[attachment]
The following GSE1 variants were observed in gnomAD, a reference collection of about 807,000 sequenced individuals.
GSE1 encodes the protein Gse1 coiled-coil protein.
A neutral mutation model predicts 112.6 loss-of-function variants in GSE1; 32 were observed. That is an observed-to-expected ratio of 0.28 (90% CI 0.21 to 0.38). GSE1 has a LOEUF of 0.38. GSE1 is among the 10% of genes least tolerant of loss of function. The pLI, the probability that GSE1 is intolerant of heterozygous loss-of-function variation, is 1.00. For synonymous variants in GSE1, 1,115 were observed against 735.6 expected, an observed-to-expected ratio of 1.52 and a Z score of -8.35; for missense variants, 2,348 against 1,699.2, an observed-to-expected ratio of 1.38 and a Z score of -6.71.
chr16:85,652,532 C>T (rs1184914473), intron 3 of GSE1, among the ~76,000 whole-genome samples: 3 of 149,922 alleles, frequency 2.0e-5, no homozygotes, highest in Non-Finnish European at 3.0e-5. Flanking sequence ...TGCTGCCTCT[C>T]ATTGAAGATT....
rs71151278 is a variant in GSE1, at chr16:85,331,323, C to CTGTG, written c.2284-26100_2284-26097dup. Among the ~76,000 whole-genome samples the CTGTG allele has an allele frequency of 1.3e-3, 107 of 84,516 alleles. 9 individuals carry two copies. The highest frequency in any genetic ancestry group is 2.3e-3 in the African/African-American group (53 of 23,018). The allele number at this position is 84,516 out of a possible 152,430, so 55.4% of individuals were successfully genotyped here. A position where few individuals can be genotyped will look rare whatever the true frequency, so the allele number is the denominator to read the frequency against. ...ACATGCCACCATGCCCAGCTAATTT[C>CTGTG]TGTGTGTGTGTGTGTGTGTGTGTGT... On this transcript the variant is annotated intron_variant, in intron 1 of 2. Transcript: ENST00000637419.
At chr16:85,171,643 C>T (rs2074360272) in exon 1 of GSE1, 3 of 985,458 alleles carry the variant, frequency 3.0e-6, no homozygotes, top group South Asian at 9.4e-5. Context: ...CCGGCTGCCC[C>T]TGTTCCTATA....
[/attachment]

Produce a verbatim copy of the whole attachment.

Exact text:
The following GSE1 variants were observed in gnomAD, a reference collection of about 807,000 sequenced individuals.
GSE1 encodes the protein Gse1 coiled-coil protein.
A neutral mutation model predicts 112.6 loss-of-function variants in GSE1; 32 were observed. That is an observed-to-expected ratio of 0.28 (90% CI 0.21 to 0.38). GSE1 has a LOEUF of 0.38. GSE1 is among the 10% of genes least tolerant of loss of function. The pLI, the probability that GSE1 is intolerant of heterozygous loss-of-function variation, is 1.00. For synonymous variants in GSE1, 1,115 were observed against 735.6 expected, an observed-to-expected ratio of 1.52 and a Z score of -8.35; for missense variants, 2,348 against 1,699.2, an observed-to-expected ratio of 1.38 and a Z score of -6.71.
chr16:85,652,532 C>T (rs1184914473), intron 3 of GSE1, among the ~76,000 whole-genome samples: 3 of 149,922 alleles, frequency 2.0e-5, no homozygotes, highest in Non-Finnish European at 3.0e-5. Flanking sequence ...TGCTGCCTCT[C>T]ATTGAAGATT....
rs71151278 is a variant in GSE1, at chr16:85,331,323, C to CTGTG, written c.2284-26100_2284-26097dup. Among the ~76,000 whole-genome samples the CTGTG allele has an allele frequency of 1.3e-3, 107 of 84,516 alleles. 9 individuals carry two copies. The highest frequency in any genetic ancestry group is 2.3e-3 in the African/African-American group (53 of 23,018). The allele number at this position is 84,516 out of a possible 152,430, so 55.4% of individuals were successfully genotyped here. A position where few individuals can be genotyped will look rare whatever the true frequency, so the allele number is the denominator to read the frequency against. ...ACATGCCACCATGCCCAGCTAATTT[C>CTGTG]TGTGTGTGTGTGTGTGTGTGTGTGT... On this transcript the variant is annotated intron_variant, in intron 1 of 2. Transcript: ENST00000637419.
At chr16:85,171,643 C>T (rs2074360272) in exon 1 of GSE1, 3 of 985,458 alleles carry the variant, frequency 3.0e-6, no homozygotes, top group South Asian at 9.4e-5. Context: ...CCGGCTGCCC[C>T]TGTTCCTATA....